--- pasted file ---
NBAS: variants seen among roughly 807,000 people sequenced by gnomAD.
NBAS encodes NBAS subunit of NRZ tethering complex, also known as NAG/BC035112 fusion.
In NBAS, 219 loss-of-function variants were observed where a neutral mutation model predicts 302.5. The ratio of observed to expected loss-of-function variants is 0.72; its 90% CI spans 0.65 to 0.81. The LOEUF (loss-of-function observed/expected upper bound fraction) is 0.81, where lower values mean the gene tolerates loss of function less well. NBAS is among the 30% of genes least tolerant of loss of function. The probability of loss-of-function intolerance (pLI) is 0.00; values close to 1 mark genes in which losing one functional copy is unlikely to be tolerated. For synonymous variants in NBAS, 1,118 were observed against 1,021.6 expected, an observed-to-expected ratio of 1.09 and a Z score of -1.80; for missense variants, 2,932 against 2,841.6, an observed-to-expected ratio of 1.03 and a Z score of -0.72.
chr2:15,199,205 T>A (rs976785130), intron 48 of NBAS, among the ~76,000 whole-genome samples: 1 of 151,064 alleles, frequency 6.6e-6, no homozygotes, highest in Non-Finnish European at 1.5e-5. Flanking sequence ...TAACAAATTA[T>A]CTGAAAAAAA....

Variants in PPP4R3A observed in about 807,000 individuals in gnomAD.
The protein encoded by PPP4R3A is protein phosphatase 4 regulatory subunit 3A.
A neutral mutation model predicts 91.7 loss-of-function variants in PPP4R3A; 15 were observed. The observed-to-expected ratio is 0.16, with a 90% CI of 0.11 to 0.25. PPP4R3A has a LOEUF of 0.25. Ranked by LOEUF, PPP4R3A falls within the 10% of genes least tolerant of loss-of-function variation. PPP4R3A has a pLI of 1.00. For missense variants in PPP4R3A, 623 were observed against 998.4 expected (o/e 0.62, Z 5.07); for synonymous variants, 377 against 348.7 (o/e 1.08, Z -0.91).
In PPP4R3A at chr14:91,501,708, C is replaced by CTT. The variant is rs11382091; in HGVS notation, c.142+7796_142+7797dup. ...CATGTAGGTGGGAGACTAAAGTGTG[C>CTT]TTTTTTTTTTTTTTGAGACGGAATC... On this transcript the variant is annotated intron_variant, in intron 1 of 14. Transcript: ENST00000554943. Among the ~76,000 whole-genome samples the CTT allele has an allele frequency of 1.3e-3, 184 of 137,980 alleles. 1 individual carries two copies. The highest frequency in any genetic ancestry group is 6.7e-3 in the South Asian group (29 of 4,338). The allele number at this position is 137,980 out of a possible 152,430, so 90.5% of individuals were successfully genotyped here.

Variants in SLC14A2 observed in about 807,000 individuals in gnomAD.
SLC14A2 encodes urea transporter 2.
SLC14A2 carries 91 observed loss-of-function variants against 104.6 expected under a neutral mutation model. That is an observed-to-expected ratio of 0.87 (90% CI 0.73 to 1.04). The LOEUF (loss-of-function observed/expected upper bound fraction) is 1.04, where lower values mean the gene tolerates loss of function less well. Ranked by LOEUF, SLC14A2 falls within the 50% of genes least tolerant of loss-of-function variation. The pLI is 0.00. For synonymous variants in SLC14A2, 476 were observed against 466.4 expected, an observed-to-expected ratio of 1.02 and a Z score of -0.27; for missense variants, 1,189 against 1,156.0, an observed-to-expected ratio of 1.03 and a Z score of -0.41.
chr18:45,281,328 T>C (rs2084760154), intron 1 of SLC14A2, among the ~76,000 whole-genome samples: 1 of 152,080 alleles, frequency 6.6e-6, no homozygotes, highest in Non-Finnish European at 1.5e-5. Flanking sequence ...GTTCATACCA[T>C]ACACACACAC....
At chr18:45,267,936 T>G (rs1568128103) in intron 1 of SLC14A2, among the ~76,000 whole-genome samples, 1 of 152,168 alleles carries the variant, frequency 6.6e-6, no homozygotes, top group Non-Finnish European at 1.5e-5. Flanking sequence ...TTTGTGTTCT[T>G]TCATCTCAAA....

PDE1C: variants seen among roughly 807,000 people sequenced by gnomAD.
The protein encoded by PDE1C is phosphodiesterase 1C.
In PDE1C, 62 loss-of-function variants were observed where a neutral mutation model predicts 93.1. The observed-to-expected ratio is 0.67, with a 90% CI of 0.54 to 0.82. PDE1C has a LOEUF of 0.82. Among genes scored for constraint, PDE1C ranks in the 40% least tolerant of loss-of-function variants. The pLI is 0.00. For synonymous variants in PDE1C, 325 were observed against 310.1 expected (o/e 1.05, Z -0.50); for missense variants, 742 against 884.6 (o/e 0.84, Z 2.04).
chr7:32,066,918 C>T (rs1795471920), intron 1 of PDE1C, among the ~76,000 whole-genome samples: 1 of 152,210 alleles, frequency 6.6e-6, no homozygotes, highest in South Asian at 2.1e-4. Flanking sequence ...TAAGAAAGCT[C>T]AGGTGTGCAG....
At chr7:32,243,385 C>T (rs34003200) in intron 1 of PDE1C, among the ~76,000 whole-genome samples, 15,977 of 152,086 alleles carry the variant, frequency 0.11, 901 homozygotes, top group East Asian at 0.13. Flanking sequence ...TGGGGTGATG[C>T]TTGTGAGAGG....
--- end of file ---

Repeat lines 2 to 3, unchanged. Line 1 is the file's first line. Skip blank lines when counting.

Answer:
NBAS encodes NBAS subunit of NRZ tethering complex, also known as NAG/BC035112 fusion.
In NBAS, 219 loss-of-function variants were observed where a neutral mutation model predicts 302.5. The ratio of observed to expected loss-of-function variants is 0.72; its 90% CI spans 0.65 to 0.81. The LOEUF (loss-of-function observed/expected upper bound fraction) is 0.81, where lower values mean the gene tolerates loss of function less well. NBAS is among the 30% of genes least tolerant of loss of function. The probability of loss-of-function intolerance (pLI) is 0.00; values close to 1 mark genes in which losing one functional copy is unlikely to be tolerated. For synonymous variants in NBAS, 1,118 were observed against 1,021.6 expected, an observed-to-expected ratio of 1.09 and a Z score of -1.80; for missense variants, 2,932 against 2,841.6, an observed-to-expected ratio of 1.03 and a Z score of -0.72.